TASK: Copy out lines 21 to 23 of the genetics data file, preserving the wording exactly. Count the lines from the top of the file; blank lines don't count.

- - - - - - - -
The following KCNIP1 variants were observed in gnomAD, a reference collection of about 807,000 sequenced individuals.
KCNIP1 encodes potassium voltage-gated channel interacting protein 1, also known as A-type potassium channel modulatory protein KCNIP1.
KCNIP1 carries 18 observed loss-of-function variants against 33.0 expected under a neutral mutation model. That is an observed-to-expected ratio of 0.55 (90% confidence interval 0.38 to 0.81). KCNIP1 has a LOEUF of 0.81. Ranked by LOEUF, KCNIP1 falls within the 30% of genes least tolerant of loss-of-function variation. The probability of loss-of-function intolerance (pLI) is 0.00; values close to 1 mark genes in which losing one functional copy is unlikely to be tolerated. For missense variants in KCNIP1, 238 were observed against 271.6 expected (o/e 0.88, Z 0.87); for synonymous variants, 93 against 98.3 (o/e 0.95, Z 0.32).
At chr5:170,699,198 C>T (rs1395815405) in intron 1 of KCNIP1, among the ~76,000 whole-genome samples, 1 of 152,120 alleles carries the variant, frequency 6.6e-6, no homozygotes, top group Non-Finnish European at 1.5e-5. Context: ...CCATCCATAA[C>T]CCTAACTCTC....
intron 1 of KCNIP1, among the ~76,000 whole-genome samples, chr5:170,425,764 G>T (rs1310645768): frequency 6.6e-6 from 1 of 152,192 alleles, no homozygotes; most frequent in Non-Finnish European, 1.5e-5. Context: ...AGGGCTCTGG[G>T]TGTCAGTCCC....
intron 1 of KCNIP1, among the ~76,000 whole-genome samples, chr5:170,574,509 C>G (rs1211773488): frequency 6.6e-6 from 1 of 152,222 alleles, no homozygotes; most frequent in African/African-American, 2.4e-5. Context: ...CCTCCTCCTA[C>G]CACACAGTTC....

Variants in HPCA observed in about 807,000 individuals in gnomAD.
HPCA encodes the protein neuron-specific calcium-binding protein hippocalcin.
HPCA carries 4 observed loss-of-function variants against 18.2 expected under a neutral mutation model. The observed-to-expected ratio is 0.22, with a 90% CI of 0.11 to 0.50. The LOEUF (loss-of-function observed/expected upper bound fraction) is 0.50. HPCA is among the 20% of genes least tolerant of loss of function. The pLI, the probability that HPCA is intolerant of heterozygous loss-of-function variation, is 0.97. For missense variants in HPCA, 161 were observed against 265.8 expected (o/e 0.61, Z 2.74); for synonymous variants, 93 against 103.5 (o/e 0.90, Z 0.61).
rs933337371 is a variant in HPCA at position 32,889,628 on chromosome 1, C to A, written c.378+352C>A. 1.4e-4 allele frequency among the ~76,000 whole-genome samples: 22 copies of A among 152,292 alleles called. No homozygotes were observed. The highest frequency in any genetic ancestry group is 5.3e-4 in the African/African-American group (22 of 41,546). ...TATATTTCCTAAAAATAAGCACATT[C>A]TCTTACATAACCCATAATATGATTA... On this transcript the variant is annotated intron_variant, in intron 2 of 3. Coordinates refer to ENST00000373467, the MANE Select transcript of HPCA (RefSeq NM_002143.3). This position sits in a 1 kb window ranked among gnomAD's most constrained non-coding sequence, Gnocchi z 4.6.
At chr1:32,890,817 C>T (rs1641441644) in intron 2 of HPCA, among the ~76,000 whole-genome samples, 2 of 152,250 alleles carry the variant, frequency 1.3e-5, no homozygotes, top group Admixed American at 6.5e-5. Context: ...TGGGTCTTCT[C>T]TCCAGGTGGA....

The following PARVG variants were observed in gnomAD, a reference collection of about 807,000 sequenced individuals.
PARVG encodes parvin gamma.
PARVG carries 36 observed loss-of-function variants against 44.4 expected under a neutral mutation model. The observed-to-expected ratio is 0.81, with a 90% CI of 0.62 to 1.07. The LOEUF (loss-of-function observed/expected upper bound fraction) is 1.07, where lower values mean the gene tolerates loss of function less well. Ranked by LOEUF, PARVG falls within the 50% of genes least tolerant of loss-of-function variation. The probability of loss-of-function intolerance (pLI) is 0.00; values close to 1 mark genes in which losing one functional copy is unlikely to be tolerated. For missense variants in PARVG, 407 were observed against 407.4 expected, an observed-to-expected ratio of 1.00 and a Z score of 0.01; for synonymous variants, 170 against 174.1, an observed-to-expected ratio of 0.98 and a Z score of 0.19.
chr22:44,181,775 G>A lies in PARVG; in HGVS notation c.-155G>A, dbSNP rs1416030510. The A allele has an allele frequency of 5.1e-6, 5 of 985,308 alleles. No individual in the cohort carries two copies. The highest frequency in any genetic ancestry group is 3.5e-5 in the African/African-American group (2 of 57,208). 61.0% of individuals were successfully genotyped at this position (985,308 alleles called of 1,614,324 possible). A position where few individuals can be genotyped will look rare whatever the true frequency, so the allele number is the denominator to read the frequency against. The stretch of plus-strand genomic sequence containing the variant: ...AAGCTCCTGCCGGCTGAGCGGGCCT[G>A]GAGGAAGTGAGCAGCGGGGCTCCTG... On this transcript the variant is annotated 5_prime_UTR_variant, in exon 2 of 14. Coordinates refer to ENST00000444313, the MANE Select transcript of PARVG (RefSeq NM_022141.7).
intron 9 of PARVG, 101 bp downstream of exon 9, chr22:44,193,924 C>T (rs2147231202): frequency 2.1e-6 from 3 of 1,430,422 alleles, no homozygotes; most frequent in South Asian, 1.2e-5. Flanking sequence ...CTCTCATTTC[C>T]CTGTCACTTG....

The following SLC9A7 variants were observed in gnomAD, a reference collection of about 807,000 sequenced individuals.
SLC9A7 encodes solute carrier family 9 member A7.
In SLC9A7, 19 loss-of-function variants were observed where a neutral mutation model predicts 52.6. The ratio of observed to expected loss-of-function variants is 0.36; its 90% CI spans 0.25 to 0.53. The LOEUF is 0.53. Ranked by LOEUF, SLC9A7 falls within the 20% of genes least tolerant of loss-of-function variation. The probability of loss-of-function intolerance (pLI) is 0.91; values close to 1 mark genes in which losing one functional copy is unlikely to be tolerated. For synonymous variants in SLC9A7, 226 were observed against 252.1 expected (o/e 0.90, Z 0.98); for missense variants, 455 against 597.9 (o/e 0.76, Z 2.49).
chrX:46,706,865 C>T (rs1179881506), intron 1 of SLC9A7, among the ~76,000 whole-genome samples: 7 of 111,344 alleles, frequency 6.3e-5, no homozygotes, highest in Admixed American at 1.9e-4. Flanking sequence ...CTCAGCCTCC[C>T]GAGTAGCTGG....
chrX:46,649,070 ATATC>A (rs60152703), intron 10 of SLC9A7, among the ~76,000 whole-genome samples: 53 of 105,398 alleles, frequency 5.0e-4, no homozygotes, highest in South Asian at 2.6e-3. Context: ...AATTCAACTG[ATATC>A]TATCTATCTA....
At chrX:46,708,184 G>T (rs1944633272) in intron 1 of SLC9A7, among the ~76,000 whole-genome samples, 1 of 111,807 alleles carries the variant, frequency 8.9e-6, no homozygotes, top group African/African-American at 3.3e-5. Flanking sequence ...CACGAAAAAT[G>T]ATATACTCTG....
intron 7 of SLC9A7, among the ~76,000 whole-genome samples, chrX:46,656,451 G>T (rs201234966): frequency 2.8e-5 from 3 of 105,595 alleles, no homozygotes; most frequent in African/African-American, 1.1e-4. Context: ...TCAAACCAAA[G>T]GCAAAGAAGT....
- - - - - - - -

chrX:46,649,070 ATATC>A (rs60152703), intron 10 of SLC9A7, among the ~76,000 whole-genome samples: 53 of 105,398 alleles, frequency 5.0e-4, no homozygotes, highest in South Asian at 2.6e-3. Context: ...AATTCAACTG[ATATC>A]TATCTATCTA....
At chrX:46,708,184 G>T (rs1944633272) in intron 1 of SLC9A7, among the ~76,000 whole-genome samples, 1 of 111,807 alleles carries the variant, frequency 8.9e-6, no homozygotes, top group African/African-American at 3.3e-5. Flanking sequence ...CACGAAAAAT[G>T]ATATACTCTG....
intron 7 of SLC9A7, among the ~76,000 whole-genome samples, chrX:46,656,451 G>T (rs201234966): frequency 2.8e-5 from 3 of 105,595 alleles, no homozygotes; most frequent in African/African-American, 1.1e-4. Context: ...TCAAACCAAA[G>T]GCAAAGAAGT....